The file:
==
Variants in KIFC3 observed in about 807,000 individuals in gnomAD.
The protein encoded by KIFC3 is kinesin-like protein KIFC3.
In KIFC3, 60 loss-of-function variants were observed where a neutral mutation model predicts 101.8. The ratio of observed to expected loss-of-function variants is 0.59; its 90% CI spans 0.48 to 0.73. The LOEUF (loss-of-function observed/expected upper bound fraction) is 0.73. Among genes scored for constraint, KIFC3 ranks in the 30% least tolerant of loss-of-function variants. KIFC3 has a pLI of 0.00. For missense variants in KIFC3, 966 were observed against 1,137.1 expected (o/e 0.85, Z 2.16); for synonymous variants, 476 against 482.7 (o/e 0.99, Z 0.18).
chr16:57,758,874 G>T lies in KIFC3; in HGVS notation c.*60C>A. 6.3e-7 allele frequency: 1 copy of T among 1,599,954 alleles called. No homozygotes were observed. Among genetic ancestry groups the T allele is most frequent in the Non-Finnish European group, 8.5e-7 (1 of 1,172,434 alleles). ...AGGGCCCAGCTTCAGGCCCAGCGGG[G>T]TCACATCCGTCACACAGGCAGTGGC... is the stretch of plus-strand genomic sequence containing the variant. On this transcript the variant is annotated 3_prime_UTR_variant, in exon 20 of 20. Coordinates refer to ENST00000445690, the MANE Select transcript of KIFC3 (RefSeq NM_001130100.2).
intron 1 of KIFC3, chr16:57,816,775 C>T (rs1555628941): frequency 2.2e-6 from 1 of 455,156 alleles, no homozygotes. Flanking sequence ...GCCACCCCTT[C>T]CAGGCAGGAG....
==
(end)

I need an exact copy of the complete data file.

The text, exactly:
Variants in KIFC3 observed in about 807,000 individuals in gnomAD.
The protein encoded by KIFC3 is kinesin-like protein KIFC3.
In KIFC3, 60 loss-of-function variants were observed where a neutral mutation model predicts 101.8. The ratio of observed to expected loss-of-function variants is 0.59; its 90% CI spans 0.48 to 0.73. The LOEUF (loss-of-function observed/expected upper bound fraction) is 0.73. Among genes scored for constraint, KIFC3 ranks in the 30% least tolerant of loss-of-function variants. KIFC3 has a pLI of 0.00. For missense variants in KIFC3, 966 were observed against 1,137.1 expected (o/e 0.85, Z 2.16); for synonymous variants, 476 against 482.7 (o/e 0.99, Z 0.18).
chr16:57,758,874 G>T lies in KIFC3; in HGVS notation c.*60C>A. 6.3e-7 allele frequency: 1 copy of T among 1,599,954 alleles called. No homozygotes were observed. Among genetic ancestry groups the T allele is most frequent in the Non-Finnish European group, 8.5e-7 (1 of 1,172,434 alleles). ...AGGGCCCAGCTTCAGGCCCAGCGGG[G>T]TCACATCCGTCACACAGGCAGTGGC... is the stretch of plus-strand genomic sequence containing the variant. On this transcript the variant is annotated 3_prime_UTR_variant, in exon 20 of 20. Coordinates refer to ENST00000445690, the MANE Select transcript of KIFC3 (RefSeq NM_001130100.2).
intron 1 of KIFC3, chr16:57,816,775 C>T (rs1555628941): frequency 2.2e-6 from 1 of 455,156 alleles, no homozygotes. Flanking sequence ...GCCACCCCTT[C>T]CAGGCAGGAG....